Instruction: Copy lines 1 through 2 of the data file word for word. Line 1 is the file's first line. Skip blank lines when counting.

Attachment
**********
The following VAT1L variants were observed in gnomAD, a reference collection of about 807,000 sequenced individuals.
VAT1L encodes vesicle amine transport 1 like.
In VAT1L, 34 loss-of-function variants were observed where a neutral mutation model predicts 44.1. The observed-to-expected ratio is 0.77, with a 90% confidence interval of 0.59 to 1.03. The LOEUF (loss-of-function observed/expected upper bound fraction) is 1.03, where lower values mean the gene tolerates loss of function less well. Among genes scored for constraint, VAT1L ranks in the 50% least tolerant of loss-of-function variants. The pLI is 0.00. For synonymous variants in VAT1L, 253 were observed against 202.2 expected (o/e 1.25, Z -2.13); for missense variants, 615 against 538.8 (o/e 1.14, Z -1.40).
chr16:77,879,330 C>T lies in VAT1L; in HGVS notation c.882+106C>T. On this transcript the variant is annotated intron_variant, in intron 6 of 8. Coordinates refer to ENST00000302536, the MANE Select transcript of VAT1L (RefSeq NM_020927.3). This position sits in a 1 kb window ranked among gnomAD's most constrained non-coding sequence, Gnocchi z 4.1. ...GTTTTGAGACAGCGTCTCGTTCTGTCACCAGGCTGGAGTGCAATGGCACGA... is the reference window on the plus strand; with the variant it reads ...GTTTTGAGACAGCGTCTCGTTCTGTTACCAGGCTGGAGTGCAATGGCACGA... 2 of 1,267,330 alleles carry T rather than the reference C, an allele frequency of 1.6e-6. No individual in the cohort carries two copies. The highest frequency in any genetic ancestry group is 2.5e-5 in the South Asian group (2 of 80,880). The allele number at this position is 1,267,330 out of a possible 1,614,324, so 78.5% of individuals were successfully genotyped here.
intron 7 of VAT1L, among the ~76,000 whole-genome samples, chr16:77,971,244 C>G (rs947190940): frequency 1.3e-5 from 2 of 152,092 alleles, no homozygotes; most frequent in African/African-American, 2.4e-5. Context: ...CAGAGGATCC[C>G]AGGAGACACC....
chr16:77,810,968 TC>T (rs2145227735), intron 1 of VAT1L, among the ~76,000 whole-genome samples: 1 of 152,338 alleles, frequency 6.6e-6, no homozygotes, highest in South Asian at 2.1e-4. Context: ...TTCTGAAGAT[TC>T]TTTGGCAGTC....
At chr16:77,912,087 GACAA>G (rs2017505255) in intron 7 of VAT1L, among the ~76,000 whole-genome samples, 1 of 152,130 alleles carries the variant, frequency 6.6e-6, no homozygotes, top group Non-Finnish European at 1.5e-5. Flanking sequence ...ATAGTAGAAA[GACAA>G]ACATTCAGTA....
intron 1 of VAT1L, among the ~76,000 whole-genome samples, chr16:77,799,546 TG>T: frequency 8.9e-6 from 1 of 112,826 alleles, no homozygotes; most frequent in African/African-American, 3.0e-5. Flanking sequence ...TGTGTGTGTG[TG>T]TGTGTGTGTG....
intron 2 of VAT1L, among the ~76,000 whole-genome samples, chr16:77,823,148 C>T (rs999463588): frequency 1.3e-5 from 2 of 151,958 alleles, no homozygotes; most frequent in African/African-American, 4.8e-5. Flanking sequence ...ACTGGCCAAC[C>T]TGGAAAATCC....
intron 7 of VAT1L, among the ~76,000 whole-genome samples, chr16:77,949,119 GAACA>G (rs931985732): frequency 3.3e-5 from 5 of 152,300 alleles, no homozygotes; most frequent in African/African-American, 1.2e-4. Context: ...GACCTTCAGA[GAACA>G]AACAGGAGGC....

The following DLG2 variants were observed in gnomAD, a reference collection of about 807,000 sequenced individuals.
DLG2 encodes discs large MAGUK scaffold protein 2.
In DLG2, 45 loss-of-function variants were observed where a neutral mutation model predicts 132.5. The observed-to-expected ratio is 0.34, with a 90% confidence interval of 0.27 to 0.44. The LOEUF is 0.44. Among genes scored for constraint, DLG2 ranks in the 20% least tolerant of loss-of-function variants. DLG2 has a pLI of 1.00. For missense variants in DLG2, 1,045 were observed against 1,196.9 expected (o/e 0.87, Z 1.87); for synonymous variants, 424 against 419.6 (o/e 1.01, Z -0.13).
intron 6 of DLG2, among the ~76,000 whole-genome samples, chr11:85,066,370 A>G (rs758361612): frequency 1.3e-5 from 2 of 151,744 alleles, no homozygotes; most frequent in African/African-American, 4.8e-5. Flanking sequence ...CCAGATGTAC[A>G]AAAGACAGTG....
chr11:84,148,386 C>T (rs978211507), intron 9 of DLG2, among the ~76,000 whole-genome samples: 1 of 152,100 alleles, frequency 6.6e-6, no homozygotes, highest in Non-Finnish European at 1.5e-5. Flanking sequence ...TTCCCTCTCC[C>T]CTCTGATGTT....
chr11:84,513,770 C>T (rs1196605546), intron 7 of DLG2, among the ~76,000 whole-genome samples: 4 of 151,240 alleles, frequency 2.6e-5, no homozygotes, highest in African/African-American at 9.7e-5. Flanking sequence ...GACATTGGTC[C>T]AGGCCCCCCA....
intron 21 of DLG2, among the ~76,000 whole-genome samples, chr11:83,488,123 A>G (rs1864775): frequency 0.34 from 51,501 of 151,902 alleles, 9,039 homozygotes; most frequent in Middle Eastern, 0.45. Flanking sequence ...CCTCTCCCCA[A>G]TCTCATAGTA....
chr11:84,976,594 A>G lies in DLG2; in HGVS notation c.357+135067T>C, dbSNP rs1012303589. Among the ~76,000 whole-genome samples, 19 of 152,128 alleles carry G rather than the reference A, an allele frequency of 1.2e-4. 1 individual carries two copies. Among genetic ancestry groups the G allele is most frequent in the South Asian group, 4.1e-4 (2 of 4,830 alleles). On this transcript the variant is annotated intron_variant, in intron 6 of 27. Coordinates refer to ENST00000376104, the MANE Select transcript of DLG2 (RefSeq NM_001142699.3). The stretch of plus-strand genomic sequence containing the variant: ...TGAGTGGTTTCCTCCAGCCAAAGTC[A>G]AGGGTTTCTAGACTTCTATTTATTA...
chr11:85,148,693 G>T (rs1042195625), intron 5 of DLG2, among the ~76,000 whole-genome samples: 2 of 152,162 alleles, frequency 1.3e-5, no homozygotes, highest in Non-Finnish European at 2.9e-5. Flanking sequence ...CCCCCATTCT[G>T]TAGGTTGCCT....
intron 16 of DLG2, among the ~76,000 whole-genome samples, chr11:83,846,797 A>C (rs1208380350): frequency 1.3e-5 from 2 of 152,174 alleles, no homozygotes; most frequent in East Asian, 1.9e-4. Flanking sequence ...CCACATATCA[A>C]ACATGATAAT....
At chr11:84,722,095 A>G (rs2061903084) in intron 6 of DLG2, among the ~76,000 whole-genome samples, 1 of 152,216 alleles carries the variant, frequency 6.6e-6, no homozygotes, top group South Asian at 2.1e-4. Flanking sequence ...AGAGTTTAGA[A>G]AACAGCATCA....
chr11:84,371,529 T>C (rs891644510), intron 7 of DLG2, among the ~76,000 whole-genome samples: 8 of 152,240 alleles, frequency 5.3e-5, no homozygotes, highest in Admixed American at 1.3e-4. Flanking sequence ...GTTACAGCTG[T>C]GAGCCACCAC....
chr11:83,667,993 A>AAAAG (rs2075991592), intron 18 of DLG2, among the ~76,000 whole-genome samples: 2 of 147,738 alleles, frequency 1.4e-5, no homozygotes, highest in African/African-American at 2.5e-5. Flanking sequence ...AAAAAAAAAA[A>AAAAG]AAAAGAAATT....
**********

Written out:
The following VAT1L variants were observed in gnomAD, a reference collection of about 807,000 sequenced individuals.
VAT1L encodes vesicle amine transport 1 like.